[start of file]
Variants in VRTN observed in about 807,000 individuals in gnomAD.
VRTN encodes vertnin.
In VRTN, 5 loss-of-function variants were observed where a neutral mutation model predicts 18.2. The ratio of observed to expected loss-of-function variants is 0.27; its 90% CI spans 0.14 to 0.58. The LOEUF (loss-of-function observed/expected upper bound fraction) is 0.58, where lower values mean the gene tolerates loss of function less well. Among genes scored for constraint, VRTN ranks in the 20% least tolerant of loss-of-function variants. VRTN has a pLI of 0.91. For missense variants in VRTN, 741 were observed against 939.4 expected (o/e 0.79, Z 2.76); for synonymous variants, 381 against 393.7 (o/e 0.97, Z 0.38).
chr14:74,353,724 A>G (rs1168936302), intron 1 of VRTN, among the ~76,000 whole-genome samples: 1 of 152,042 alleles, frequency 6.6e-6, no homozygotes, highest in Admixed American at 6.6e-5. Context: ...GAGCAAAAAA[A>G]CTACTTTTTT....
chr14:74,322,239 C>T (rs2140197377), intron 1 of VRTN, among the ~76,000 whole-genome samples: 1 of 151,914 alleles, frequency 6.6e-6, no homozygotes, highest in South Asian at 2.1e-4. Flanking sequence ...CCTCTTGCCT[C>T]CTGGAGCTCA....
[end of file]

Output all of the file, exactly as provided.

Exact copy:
Variants in VRTN observed in about 807,000 individuals in gnomAD.
VRTN encodes vertnin.
In VRTN, 5 loss-of-function variants were observed where a neutral mutation model predicts 18.2. The ratio of observed to expected loss-of-function variants is 0.27; its 90% CI spans 0.14 to 0.58. The LOEUF (loss-of-function observed/expected upper bound fraction) is 0.58, where lower values mean the gene tolerates loss of function less well. Among genes scored for constraint, VRTN ranks in the 20% least tolerant of loss-of-function variants. VRTN has a pLI of 0.91. For missense variants in VRTN, 741 were observed against 939.4 expected (o/e 0.79, Z 2.76); for synonymous variants, 381 against 393.7 (o/e 0.97, Z 0.38).
chr14:74,353,724 A>G (rs1168936302), intron 1 of VRTN, among the ~76,000 whole-genome samples: 1 of 152,042 alleles, frequency 6.6e-6, no homozygotes, highest in Admixed American at 6.6e-5. Context: ...GAGCAAAAAA[A>G]CTACTTTTTT....
chr14:74,322,239 C>T (rs2140197377), intron 1 of VRTN, among the ~76,000 whole-genome samples: 1 of 151,914 alleles, frequency 6.6e-6, no homozygotes, highest in South Asian at 2.1e-4. Flanking sequence ...CCTCTTGCCT[C>T]CTGGAGCTCA....